Conservatives in Washington (oxymoronic as that may sound) greeted the Obama inauguration with mixed feelings, to put it mildly. Some were accepting, and even attended inauguration-related events. Others in these troubled economic times rented their homes to Obamaphiles willing to pay an arm and a leg just to be on hand for the hyped-up festivities. Finally, there were those who left their houses under lock and key and fled the area for the entire long weekend, in a complete boycott and blackout of anything having to do with the swearing-in of the 44th president of the United States. I don’t think they returned to Washington any wiser or happier.
Political life goes on, as in the U.S. it always does. It’s not the end of the world, merely the beginning of a new day, and last we checked the earth was rotating at its regular speed on the same axis. Even more comforting, the victorious Democrats, left to their own devices, were botching matters at a faster clip than even the sorest GOP losers might have wished for. If the Obama team can’t find a way to contain the Illinois mullah Blagojevich, how ever will it cope with nuclear-equipped mullahs? Uber-liberal E.J. Dionne actually praised Obama’s “patented approach to problems—wait and think to see what develops before acting” as a political winner for Democrats.
The modern liberal evidently thinks he can control events by having them control him. It’s going to be a twisted next four years.
Conservatives have been there before. As a longstanding product of Chicago politics and survivor of 1964, 1976, and 1992, Bob Tyrrell this month offers them all the coping mechanisms and survival guidance they will need during their latest sojourn in the political wilderness (p. 78). The great Roger Scruton provides the philosophical underpinnings for life in serious opposition—beginning with the axiom “There is no greater political virtue than the ability to accept the government of people whom you heartily dislike” (p. 38). Maybe one of these decades the Bush-loathing culture will second that emotion.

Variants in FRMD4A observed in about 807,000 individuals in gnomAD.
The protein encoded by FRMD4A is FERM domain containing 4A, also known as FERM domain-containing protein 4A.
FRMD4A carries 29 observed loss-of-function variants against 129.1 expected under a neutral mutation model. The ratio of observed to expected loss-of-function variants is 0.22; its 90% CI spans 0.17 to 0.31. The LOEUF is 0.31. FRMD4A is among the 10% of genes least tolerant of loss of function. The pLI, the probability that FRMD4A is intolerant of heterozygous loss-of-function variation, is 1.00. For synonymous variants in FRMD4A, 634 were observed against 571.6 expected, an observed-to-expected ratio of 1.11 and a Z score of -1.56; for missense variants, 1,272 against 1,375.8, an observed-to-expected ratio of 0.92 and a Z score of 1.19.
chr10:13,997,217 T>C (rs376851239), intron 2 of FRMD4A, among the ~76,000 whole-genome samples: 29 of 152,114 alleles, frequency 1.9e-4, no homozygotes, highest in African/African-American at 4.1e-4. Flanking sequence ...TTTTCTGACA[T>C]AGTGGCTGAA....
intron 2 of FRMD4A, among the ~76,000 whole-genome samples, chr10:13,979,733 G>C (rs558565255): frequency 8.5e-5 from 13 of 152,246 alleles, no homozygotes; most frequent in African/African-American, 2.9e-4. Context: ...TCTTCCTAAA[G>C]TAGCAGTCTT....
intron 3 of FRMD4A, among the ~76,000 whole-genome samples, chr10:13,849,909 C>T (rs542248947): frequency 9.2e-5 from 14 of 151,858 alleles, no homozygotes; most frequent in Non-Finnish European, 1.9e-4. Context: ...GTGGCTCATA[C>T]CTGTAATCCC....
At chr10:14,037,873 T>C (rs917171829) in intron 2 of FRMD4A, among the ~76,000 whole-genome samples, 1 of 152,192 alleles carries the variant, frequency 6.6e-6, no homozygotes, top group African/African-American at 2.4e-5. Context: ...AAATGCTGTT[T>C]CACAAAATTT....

For now that same Obama-adoring culture is living in denial. For all the harsh domestic and international realities the new administration is having to address, the buildup to the inauguration could rarely go beyond covering such grave matters as the former Caroline Kennedy Schlossberg’s qualifications, the Obama children’s new private school, and the bodysurfing brilliance their father displayed along the shores of blue Hawaii. Serious questions received short shrift, unless they could be blamed solely on the outgoing president. So Democratic policies didn’t set in motion the housing crisis and collapse of the mortgage market? Peter Wallison authoritatively begs to differ (p. 22). And government regulators continue to exacerbate a problem they could otherwise mitigate? A panel of experts brought together by our economics editor, Brian Wesbury, explains the how and why (p. 28).
President Obama is said to have a dream team at his disposal, but no one should confuse it with the Charles Barkley edition that knocked off Angola 116–48 back at the 1992 Olympics. That team didn’t have Hillary Clinton at point guard, or Eric Holder fixing calls with the referees. Nor did it have Tom Daschle as the team doctor and pill dispenser. Of all Obama’s players, Dr. Tom comes best prepared, determined to complete the mission Hillary Clinton, in her rookie year, failed to accomplish. He’s even written a book about what he intends to do. If you liked the Federal Reserve Board, you’ll love Daschle’s Federal Health Board.
As Philip Klein, our Washington correspondent, reports (p. 16), Daschle so far is facing next to no opposition from Republicans. And we don’t know, given their dwindling skills and thinned out rosters (see also Jim Antle, p. 42), whether they’ll even take the floor. Perhaps Angola would prove to be more competitive.